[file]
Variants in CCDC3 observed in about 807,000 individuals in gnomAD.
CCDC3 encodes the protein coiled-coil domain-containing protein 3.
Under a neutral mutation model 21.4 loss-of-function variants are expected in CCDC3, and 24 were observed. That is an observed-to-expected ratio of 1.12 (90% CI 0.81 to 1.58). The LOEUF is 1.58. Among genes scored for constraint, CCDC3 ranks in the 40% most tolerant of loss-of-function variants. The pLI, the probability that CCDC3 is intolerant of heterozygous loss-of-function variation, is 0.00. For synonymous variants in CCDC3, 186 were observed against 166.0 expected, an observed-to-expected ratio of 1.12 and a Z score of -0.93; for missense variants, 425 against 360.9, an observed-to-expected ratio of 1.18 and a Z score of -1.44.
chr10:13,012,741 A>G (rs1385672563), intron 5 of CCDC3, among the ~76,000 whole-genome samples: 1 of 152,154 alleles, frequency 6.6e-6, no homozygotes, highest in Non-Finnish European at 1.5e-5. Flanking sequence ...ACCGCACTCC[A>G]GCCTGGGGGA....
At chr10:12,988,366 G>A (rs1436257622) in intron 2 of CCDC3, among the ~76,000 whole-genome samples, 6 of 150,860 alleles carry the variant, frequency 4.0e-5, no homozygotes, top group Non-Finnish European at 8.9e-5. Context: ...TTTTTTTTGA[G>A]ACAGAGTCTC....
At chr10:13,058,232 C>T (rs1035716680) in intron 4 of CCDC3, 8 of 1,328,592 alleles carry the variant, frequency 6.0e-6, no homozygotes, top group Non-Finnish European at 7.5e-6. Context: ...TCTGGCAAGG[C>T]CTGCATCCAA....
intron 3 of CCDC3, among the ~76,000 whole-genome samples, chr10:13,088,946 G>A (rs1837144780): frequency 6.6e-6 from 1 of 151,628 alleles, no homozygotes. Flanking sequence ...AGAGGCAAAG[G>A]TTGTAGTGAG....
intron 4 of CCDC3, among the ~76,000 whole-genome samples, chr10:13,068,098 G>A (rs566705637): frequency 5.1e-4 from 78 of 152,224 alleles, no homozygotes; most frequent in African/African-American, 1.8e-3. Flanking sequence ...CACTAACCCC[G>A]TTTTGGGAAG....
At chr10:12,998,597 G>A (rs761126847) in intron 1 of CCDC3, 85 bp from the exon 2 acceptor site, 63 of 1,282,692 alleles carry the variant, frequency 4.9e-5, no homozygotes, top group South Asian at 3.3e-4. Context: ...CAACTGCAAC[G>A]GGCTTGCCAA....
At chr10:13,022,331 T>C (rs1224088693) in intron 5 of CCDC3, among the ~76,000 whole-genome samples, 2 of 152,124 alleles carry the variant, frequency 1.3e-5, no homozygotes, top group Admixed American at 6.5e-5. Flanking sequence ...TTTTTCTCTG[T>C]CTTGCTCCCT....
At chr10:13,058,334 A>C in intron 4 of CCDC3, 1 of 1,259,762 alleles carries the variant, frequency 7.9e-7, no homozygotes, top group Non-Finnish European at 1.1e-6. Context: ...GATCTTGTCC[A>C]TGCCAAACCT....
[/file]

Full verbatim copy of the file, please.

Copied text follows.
Variants in CCDC3 observed in about 807,000 individuals in gnomAD.
CCDC3 encodes the protein coiled-coil domain-containing protein 3.
Under a neutral mutation model 21.4 loss-of-function variants are expected in CCDC3, and 24 were observed. That is an observed-to-expected ratio of 1.12 (90% CI 0.81 to 1.58). The LOEUF is 1.58. Among genes scored for constraint, CCDC3 ranks in the 40% most tolerant of loss-of-function variants. The pLI, the probability that CCDC3 is intolerant of heterozygous loss-of-function variation, is 0.00. For synonymous variants in CCDC3, 186 were observed against 166.0 expected, an observed-to-expected ratio of 1.12 and a Z score of -0.93; for missense variants, 425 against 360.9, an observed-to-expected ratio of 1.18 and a Z score of -1.44.
chr10:13,012,741 A>G (rs1385672563), intron 5 of CCDC3, among the ~76,000 whole-genome samples: 1 of 152,154 alleles, frequency 6.6e-6, no homozygotes, highest in Non-Finnish European at 1.5e-5. Flanking sequence ...ACCGCACTCC[A>G]GCCTGGGGGA....
At chr10:12,988,366 G>A (rs1436257622) in intron 2 of CCDC3, among the ~76,000 whole-genome samples, 6 of 150,860 alleles carry the variant, frequency 4.0e-5, no homozygotes, top group Non-Finnish European at 8.9e-5. Context: ...TTTTTTTTGA[G>A]ACAGAGTCTC....
At chr10:13,058,232 C>T (rs1035716680) in intron 4 of CCDC3, 8 of 1,328,592 alleles carry the variant, frequency 6.0e-6, no homozygotes, top group Non-Finnish European at 7.5e-6. Context: ...TCTGGCAAGG[C>T]CTGCATCCAA....
intron 3 of CCDC3, among the ~76,000 whole-genome samples, chr10:13,088,946 G>A (rs1837144780): frequency 6.6e-6 from 1 of 151,628 alleles, no homozygotes. Flanking sequence ...AGAGGCAAAG[G>A]TTGTAGTGAG....
intron 4 of CCDC3, among the ~76,000 whole-genome samples, chr10:13,068,098 G>A (rs566705637): frequency 5.1e-4 from 78 of 152,224 alleles, no homozygotes; most frequent in African/African-American, 1.8e-3. Flanking sequence ...CACTAACCCC[G>A]TTTTGGGAAG....
At chr10:12,998,597 G>A (rs761126847) in intron 1 of CCDC3, 85 bp from the exon 2 acceptor site, 63 of 1,282,692 alleles carry the variant, frequency 4.9e-5, no homozygotes, top group South Asian at 3.3e-4. Context: ...CAACTGCAAC[G>A]GGCTTGCCAA....
At chr10:13,022,331 T>C (rs1224088693) in intron 5 of CCDC3, among the ~76,000 whole-genome samples, 2 of 152,124 alleles carry the variant, frequency 1.3e-5, no homozygotes, top group Admixed American at 6.5e-5. Flanking sequence ...TTTTTCTCTG[T>C]CTTGCTCCCT....
At chr10:13,058,334 A>C in intron 4 of CCDC3, 1 of 1,259,762 alleles carries the variant, frequency 7.9e-7, no homozygotes, top group Non-Finnish European at 1.1e-6. Context: ...GATCTTGTCC[A>C]TGCCAAACCT....